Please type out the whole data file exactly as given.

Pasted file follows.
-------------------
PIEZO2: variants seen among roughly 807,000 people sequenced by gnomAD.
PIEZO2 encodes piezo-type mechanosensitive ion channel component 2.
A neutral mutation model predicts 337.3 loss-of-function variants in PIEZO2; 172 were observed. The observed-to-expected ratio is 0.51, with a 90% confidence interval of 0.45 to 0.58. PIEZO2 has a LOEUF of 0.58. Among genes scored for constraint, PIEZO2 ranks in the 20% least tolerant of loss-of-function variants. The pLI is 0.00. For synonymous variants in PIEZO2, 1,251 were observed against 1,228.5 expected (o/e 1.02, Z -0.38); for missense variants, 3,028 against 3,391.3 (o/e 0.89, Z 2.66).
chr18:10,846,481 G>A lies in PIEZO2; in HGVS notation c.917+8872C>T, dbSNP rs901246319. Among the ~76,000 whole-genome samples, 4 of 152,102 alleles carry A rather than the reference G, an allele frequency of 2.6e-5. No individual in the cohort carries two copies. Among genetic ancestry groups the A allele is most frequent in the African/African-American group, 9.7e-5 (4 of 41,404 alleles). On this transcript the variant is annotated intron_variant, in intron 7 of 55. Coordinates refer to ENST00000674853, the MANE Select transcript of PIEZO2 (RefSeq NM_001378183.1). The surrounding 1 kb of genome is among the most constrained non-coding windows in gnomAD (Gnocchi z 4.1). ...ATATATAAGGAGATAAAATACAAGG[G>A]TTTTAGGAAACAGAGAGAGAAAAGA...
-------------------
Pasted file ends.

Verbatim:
PIEZO2: variants seen among roughly 807,000 people sequenced by gnomAD.
PIEZO2 encodes piezo-type mechanosensitive ion channel component 2.
A neutral mutation model predicts 337.3 loss-of-function variants in PIEZO2; 172 were observed. The observed-to-expected ratio is 0.51, with a 90% confidence interval of 0.45 to 0.58. PIEZO2 has a LOEUF of 0.58. Among genes scored for constraint, PIEZO2 ranks in the 20% least tolerant of loss-of-function variants. The pLI is 0.00. For synonymous variants in PIEZO2, 1,251 were observed against 1,228.5 expected (o/e 1.02, Z -0.38); for missense variants, 3,028 against 3,391.3 (o/e 0.89, Z 2.66).
chr18:10,846,481 G>A lies in PIEZO2; in HGVS notation c.917+8872C>T, dbSNP rs901246319. Among the ~76,000 whole-genome samples, 4 of 152,102 alleles carry A rather than the reference G, an allele frequency of 2.6e-5. No individual in the cohort carries two copies. Among genetic ancestry groups the A allele is most frequent in the African/African-American group, 9.7e-5 (4 of 41,404 alleles). On this transcript the variant is annotated intron_variant, in intron 7 of 55. Coordinates refer to ENST00000674853, the MANE Select transcript of PIEZO2 (RefSeq NM_001378183.1). The surrounding 1 kb of genome is among the most constrained non-coding windows in gnomAD (Gnocchi z 4.1). ...ATATATAAGGAGATAAAATACAAGG[G>A]TTTTAGGAAACAGAGAGAGAAAAGA...